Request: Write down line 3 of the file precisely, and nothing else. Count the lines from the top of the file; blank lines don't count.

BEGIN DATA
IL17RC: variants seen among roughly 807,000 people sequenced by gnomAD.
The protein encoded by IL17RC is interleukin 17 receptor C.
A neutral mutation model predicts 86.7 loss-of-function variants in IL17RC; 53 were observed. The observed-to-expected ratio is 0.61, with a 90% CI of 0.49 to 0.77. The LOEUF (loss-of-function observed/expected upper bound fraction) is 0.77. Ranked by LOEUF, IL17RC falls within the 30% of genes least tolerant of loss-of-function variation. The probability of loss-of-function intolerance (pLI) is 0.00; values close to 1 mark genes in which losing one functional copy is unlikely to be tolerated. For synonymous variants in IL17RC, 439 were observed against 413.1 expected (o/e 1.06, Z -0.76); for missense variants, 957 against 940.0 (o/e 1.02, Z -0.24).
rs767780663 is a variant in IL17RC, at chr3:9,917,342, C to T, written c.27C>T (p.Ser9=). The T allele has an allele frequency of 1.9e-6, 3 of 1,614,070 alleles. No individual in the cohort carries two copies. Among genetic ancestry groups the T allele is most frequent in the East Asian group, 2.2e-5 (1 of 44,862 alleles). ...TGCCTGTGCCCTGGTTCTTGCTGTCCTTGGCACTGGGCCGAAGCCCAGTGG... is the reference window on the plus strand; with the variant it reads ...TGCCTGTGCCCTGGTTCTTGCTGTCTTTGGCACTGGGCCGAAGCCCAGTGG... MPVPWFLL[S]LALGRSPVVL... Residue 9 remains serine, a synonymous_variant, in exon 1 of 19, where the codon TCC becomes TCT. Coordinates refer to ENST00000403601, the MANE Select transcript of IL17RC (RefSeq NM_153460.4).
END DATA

A neutral mutation model predicts 86.7 loss-of-function variants in IL17RC; 53 were observed. The observed-to-expected ratio is 0.61, with a 90% CI of 0.49 to 0.77. The LOEUF (loss-of-function observed/expected upper bound fraction) is 0.77. Ranked by LOEUF, IL17RC falls within the 30% of genes least tolerant of loss-of-function variation. The probability of loss-of-function intolerance (pLI) is 0.00; values close to 1 mark genes in which losing one functional copy is unlikely to be tolerated. For synonymous variants in IL17RC, 439 were observed against 413.1 expected (o/e 1.06, Z -0.76); for missense variants, 957 against 940.0 (o/e 1.02, Z -0.24).